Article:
The press in South Korea is full of feverish allegations of cult rituals and the mysterious influence of an old friend of President Park Geun-hye. The BBC's Stephen Evans in Seoul looks at the personalities behind the scandal, and whether it could end up toppling a president.
Only the two women involved in this unprecedented political storm know the true dynamic of their relationship. And President Park and her confidante Choi Soon-sil are not telling.
Choi is suspected of exploiting her links with Ms Park for her own financial gain and has now returned to the country to face her accusers.
In the absence of information, the rumour mill is whirling. Newspapers and television channels have been feeding the frenzy of speculation, throwing out ever more fanciful conjecture about a mysterious relationship that goes back four decades.
Is the mentor really a malign influence reminiscent of Rasputin - Ms Choi's father was certainly labelled the Korean Rasputin by some - or is she just an old friend?
A lonely job
Both Ms Choi and Ms Park are intriguing characters.
The current president is the daughter of Park Chung-hee, a military strongman who took power in a coup but who then decided that his brutal dictatorship should become a modern, industrialised democracy. Warts and all, he is the father of modern South Korea.
He was assassinated by his own head of intelligence in 1979. The motive remains unclear but one theory is that the director of the Korean CIA, who fired the fatal shot, felt he had fallen under the influence of Choi Tae-min, a pseudo-pastor.
Choi was also the father of Choi Soon-sil, the woman at the centre of the current controversy.
Five years before the president's assassination, the current president's mother had also been killed, shot dead in central Seoul by a sympathiser of North Korea.
The daughter immediately returned from her studies in Europe and became, in effect, first lady, accompanying her father on his official duties.
With both parents the victims of political violence, the daughter then went into politics on her own account, where she too was physically attacked. She had her face slashed so badly at one political meeting that it needed 60 stitches. The long, thin scar is still visible, running from her right ear to her lower jaw.
On top of this extraordinary background, Ms Park, who is not married, has no close family to lean on in what, in any case, would be a tough and lonely job in the presidential palace, known as the Blue House.
Is this why she leans so much on Choi Soon-sil?
The mysterious mentor
Ms Choi's father, Choi Tae-min, was a colourful character, married many times - six, according to South Korean media - and a frequent changer of his own name.
He was a Buddhist who converted to Christianity and then set up what he called the "Church of Eternal Life". In this guise he became a friend of the Park family, both of the senior President Park and of his daughter, now president, as she was growing up. Mr Choi's daughter became a friend of the young Park Geun-hye.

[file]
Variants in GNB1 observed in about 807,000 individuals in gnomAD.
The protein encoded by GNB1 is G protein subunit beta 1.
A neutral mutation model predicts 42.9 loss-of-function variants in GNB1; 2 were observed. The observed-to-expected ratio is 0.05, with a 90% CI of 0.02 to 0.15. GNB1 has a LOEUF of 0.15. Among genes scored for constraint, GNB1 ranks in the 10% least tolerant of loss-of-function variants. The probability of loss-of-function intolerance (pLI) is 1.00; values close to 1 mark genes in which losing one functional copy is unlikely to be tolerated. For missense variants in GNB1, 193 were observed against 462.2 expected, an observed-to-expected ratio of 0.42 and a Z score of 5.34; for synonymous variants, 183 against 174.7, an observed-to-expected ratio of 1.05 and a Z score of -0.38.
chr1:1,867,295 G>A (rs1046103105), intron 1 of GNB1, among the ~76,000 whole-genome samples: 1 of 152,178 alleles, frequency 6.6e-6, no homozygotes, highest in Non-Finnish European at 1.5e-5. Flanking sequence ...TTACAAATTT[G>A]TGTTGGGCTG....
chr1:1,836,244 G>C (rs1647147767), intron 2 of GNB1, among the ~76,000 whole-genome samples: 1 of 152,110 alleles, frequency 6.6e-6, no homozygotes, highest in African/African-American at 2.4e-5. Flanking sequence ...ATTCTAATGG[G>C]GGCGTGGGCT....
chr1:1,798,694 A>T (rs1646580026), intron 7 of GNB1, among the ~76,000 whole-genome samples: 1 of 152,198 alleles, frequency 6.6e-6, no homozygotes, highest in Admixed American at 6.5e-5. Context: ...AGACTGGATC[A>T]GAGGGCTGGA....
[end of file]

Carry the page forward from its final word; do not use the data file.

The two young women remained friends and that is the relationship now under scrutiny.
According to the New York Times, the founder of the religious sect won his way into favour with the now-President Park by saying her assassinated mother had appeared in his dreams, begging him to help the orphaned daughter.
But this is not the first time this unusual relationship has spilled into public view.
An American diplomatic cable from 2007, leaked by Wikileaks, said: "Park has also been forced to explain her own past, including her relationship some 35 years ago with a pastor, Choi Tae-min, whom her opponents characterize as a 'Korean Rasputin', and how he controlled Park during her time in the Blue House when she was first lady after her mother's assassination".
It is this allegation of a mystical influence on the current president which is doing the political damage.
Prosecutors are investigating whether funds set up by Choi Soon-sil are within the law - the unproven allegation is that the funds sought money from companies by putting pressure on them to pay because of her presidential connections.
That may or may not be true, but corruption has rarely destroyed political lives in South Korea in the past.
What may be politically fatal this time is the suggestion that sensitive documents were passed by the president to the mentor for approval.
A South Korean cable TV station says it got hold of computer hard drives from a vacated office previously used by Ms Choi and they showed that President Park submitted speeches to her friend for alteration and approval.
President Park has already apologised, though for what isn't quite clear. Her head bowed, she said: "Regardless of what the reason may be, I am sorry that the scandal has caused national concern and I humbly apologise to the people."
"Choi advised me on expressions in my speeches and public relations during the last presidential campaign and she continued to help me for a certain period of time after I took office," she admitted.
The advice was only before she had a formal system of advisors in place after moving into the Blue House, she insisted.
But the apology hasn't satisfied President Park's opponents or even some in her own party and it is very likely that the anger has not yet subsided.